Self sabotage is when we actively or passively take steps to prevent ourselves from reaching our goals. For example, you have a goal of getting into a good routine and becoming fitter and stronger (and possibly losing a bit of unwanted fat too). Instead, you find excuses around time (or a subconsciously feeling a little pressed for time) and therefore don’t do your exercise session. It’s an incredibly frustrating cycle of behaviour that lowers our self-confidence and leaves us feeling stuck.

There could be a number of reasons why we are actually using our time excuse (and it’s not necessarily due to time) – and these could be things like:

  • Fearing our success. We’ve worked so hard for something before (getting fit or losing some weight), only to have it become a stress on our lives and then we start to sabotage ourselves
  • We feel we might fail and so want to place fault somewhere else (such as our busy schedules), or we feel uncomfortable that we aren’t fitter or healthier so blame our lack of time.
  • Our expectations are possibly too high – for example, you expect to go from a sedentary lifestyle to working out 5 times a week and high intensity. Then at the first sign that this isn’t going to work, we sabotage ourselves.
  • Or for many of us, we’ve tried and failed on a number of occasions (for a number of reasons), that we now just fear this is going to happen again, so instead of trying and seeing if we do succeed, sometimes it’s easier to let it fail from the get-go.

So how do you know if you’re actually self-sabotaging or lack of time on that particular day is a legitimate reason?

Ask yourself these questions when you’re failing or feeling stuck:

  • Am I prioritising instant gratification?
  • Am I avoiding what needs to be done?
  • Am I not prioritising self care?
  • Am I procrastinating?
  • Am I focusing on self-defeating thoughts (such as ‘it’s going to hurt’, it’s not really going to matter if I miss this etc)

As you can see, motivation is deeper than just ‘I don’t have time’. It’s usually connected to a reason WHY we think this.

To start to understand the reason behind your lacking motivation, ask yourself, or even journal, why we think we don’t have time. Then keep asking why until you get to the root of the problem.

For example, the time excuse is my biggest excuse. (and I’m going to be totally transparent and honest here) – I often think ‘I don’t have time to exercise’ because my business is more important. Getting the work done for my business is the most important thing that day (even though i KNOW that exercising will help me work way more efficiently…)

So WHY is this my thought process?

Well, because my business is entirely reliant upon me. I am its success or failure.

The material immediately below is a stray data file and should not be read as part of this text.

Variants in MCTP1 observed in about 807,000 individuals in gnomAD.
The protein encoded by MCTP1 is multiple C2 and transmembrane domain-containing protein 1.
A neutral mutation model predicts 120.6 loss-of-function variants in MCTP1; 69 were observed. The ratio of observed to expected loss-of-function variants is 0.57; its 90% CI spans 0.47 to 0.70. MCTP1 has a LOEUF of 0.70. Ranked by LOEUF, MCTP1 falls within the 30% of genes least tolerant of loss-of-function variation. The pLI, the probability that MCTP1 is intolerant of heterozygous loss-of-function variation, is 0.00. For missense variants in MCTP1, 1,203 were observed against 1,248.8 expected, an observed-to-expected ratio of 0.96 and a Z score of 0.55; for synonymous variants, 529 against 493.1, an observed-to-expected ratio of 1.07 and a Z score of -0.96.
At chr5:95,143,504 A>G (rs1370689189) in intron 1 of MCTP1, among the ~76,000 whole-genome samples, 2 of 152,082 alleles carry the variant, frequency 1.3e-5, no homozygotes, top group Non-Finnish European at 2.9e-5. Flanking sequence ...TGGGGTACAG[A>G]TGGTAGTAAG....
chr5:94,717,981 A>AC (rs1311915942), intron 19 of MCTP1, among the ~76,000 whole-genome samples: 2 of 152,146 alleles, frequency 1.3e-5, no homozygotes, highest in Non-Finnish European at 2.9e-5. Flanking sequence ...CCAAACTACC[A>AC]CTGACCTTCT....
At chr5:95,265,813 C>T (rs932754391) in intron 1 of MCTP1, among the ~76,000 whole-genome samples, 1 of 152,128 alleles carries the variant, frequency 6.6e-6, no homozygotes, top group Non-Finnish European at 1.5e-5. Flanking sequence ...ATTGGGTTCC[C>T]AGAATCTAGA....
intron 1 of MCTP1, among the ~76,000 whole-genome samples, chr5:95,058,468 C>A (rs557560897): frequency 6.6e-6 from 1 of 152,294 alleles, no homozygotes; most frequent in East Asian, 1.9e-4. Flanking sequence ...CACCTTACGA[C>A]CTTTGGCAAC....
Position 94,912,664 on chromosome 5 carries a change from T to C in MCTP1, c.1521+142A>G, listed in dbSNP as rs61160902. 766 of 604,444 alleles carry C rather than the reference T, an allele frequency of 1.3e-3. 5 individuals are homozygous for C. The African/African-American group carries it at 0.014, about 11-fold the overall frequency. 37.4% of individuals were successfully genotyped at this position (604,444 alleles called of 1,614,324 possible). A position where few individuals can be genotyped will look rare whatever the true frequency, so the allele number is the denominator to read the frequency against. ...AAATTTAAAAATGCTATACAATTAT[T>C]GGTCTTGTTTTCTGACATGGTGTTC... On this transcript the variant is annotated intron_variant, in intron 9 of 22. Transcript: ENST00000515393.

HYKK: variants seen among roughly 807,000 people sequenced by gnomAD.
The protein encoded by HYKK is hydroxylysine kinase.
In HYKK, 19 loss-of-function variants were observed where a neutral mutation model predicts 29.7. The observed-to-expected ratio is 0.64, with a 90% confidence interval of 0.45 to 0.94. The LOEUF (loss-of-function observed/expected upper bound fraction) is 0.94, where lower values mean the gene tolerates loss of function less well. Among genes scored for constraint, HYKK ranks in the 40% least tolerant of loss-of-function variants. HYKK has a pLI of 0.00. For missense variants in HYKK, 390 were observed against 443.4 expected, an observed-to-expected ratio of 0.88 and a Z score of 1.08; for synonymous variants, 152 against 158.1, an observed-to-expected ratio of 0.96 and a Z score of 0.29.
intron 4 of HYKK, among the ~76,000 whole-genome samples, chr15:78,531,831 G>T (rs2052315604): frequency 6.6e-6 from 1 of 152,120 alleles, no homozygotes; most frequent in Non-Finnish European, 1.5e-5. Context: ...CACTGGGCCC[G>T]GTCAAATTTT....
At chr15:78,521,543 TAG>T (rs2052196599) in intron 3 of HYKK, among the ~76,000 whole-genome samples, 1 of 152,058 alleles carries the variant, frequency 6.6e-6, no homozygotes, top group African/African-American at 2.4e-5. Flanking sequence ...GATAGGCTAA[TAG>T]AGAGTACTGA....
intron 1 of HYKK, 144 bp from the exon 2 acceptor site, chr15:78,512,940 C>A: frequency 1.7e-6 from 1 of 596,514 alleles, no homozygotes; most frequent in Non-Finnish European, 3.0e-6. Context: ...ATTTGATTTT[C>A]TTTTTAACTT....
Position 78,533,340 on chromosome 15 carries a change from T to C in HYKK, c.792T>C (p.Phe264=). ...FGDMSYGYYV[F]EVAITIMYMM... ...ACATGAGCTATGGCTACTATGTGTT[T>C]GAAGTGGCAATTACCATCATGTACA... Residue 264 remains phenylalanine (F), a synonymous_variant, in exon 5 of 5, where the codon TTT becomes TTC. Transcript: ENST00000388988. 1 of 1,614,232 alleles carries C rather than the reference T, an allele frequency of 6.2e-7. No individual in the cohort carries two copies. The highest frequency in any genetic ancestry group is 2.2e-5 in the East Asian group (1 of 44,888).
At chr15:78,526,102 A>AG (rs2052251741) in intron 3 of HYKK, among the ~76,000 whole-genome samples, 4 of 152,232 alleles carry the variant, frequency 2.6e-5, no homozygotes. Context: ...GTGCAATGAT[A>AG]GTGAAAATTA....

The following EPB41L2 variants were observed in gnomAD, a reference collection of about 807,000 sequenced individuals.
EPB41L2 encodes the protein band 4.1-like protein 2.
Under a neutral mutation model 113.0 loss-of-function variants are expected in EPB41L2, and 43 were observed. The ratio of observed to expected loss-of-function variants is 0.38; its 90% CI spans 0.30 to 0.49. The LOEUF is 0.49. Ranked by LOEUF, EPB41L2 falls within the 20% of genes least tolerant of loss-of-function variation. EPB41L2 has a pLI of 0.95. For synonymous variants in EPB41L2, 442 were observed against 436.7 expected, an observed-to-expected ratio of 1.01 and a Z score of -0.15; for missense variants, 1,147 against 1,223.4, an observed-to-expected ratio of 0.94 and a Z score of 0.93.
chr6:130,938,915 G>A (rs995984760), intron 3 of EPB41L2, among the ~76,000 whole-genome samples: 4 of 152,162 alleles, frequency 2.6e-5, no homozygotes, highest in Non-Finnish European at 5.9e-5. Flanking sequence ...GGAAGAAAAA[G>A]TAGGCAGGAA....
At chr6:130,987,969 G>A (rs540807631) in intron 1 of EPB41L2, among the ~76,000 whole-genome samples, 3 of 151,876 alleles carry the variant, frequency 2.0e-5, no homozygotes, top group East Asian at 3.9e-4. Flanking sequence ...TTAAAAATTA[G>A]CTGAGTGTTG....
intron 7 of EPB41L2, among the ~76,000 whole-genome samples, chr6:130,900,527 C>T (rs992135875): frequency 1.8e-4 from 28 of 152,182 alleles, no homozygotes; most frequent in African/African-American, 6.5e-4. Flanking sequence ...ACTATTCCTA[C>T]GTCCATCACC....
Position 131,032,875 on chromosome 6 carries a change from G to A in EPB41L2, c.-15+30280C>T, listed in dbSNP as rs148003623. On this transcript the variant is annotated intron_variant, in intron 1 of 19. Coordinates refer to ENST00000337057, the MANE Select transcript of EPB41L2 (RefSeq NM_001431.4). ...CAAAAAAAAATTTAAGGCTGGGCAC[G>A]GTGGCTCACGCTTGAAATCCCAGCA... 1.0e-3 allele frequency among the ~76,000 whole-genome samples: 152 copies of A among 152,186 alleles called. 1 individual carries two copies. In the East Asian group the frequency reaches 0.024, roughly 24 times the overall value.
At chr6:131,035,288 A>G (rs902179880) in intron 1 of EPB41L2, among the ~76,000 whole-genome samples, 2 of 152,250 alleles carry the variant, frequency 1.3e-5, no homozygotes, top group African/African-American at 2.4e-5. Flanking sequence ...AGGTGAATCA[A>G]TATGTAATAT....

Ok and here’s the crux of it – which even as I say it out loud sounds kinda stupid…

If I don’t do the work, the business could fail. My fear (which stems from a previous bad experience – check out Episode #1 our story for an insight into that) is that my business could fail if I’m not 100% always focused on it.

And that’s the crux of my issue and self-sabotage!

Crazy isn’t it?!

It can be quite confronting, but working out the deep reason why you make excuses or find not enough time in your life can really release this and open you up to start the journey towards moving that bootay.

But let’s get back to our time issue some more

Time issue is, as we discussed, often connected to a deeper self-sabotage reason. But it’s also a matter of lack or prioritising.

Ask yourself what priority you put on moving your body and doing this consistently? Be honest. 

It’s likely it’s not really that high. 

We prioritise everything else, even TV, over moving our body, even though we know we should put more time aside.

If we break it down, we all have 168 hours in a week. 56 are usually reserved for sleeping, 40 for work, 7 for travel, 7 for cooking and let’s say 3 for general household stuff and 5 for personal care such as showering. That leaves 50 hours a week for other things such as socialising, family time, adventure, couch time, AND exercise.

Moving our body for 3-4 hours each week (so for 30-40 minutes a day, or say 4 gym sessions a week) isn’t taking up much time when we look at it as a blank state.

So, how do we start to prioritise our exercise (once we’ve worked out the reasons behind our self-sabotage thoughts and behaviours), and make time in our lives?

Ways to help get back on (tips and tricks)

Scheduling

I can feel you gals rolling your eyes at this saying ‘yes we know this’, but have you actually taken the time to really understand where your time goes?